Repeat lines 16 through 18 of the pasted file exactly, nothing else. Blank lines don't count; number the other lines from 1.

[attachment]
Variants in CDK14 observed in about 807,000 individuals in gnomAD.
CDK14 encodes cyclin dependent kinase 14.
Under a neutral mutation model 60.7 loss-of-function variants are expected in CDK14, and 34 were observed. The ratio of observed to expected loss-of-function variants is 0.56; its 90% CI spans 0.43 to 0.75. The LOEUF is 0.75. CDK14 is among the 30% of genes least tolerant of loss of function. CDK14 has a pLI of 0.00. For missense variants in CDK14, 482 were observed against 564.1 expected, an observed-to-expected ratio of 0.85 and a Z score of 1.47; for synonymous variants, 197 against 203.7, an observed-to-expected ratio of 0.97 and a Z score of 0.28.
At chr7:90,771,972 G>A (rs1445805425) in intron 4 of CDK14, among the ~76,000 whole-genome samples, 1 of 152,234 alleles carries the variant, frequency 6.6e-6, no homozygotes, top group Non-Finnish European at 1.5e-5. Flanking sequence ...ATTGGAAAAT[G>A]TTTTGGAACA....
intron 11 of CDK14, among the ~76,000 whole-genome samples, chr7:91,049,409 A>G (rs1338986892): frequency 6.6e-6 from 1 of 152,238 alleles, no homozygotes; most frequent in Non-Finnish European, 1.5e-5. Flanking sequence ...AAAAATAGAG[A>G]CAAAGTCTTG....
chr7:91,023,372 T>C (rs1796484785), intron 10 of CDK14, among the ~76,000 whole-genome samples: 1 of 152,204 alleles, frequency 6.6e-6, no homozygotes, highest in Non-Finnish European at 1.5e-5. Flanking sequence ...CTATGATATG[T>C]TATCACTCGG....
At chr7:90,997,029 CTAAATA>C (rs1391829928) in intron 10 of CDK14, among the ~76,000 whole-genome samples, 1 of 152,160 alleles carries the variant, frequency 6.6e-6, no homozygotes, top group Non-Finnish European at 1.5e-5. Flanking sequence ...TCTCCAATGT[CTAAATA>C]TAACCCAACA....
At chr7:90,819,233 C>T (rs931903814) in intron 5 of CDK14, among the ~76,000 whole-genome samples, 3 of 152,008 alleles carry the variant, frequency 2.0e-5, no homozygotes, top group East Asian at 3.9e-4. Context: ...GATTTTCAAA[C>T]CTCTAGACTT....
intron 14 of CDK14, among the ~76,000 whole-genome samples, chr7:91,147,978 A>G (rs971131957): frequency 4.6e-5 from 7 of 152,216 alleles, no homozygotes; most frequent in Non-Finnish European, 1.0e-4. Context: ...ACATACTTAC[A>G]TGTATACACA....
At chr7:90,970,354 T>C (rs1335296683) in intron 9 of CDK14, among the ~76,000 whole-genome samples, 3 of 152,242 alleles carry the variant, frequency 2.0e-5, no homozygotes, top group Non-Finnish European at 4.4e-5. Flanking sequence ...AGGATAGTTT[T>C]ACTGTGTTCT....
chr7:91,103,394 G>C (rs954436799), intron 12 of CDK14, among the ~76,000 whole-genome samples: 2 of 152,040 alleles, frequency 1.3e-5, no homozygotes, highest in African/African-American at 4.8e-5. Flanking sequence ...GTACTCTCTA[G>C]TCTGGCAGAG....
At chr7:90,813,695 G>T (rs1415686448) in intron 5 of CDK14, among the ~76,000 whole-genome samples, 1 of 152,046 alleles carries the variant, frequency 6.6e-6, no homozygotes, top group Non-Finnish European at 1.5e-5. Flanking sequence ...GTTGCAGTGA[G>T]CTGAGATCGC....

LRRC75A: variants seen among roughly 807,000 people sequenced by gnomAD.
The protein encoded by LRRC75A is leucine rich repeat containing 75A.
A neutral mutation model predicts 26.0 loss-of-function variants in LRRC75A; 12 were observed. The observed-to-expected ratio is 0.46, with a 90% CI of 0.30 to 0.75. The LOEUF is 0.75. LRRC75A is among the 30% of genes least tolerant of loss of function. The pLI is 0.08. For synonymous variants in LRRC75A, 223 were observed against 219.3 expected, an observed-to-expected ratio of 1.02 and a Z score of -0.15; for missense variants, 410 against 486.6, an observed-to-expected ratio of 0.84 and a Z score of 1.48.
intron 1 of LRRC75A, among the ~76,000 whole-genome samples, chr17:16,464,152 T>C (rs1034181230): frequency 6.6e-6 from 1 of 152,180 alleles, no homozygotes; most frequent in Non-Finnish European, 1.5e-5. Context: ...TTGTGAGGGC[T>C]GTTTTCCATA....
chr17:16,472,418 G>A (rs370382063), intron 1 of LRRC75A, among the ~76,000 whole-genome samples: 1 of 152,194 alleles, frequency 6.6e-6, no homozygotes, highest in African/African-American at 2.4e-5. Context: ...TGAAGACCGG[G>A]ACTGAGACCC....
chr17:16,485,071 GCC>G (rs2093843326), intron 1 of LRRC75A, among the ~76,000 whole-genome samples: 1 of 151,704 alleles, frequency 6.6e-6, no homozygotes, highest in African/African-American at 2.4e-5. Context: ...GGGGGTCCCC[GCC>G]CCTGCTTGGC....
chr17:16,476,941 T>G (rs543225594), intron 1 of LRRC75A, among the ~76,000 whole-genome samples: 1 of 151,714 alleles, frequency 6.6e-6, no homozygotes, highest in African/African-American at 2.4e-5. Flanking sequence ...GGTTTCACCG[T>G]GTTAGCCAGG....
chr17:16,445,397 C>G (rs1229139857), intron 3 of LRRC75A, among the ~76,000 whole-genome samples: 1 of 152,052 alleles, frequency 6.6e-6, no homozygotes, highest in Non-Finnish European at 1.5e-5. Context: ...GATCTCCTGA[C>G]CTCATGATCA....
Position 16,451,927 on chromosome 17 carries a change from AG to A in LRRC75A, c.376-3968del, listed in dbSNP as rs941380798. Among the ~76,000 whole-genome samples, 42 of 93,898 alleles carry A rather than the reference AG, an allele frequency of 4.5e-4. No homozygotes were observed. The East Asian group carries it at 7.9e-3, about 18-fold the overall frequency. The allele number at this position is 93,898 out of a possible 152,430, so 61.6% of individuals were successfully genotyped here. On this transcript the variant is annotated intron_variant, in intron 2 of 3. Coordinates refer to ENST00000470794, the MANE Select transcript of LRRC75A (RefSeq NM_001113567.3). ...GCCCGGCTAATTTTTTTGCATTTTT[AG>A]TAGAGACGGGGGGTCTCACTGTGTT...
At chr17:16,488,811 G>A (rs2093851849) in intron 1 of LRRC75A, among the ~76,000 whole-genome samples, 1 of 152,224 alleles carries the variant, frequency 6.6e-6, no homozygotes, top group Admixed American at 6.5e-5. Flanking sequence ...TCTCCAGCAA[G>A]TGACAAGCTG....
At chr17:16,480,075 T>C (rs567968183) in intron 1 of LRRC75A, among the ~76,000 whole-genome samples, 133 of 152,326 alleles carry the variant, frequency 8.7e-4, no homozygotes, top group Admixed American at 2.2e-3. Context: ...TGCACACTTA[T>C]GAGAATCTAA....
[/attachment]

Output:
intron 1 of LRRC75A, among the ~76,000 whole-genome samples, chr17:16,464,152 T>C (rs1034181230): frequency 6.6e-6 from 1 of 152,180 alleles, no homozygotes; most frequent in Non-Finnish European, 1.5e-5. Context: ...TTGTGAGGGC[T>C]GTTTTCCATA....
chr17:16,472,418 G>A (rs370382063), intron 1 of LRRC75A, among the ~76,000 whole-genome samples: 1 of 152,194 alleles, frequency 6.6e-6, no homozygotes, highest in African/African-American at 2.4e-5. Context: ...TGAAGACCGG[G>A]ACTGAGACCC....
chr17:16,485,071 GCC>G (rs2093843326), intron 1 of LRRC75A, among the ~76,000 whole-genome samples: 1 of 151,704 alleles, frequency 6.6e-6, no homozygotes, highest in African/African-American at 2.4e-5. Context: ...GGGGGTCCCC[GCC>G]CCTGCTTGGC....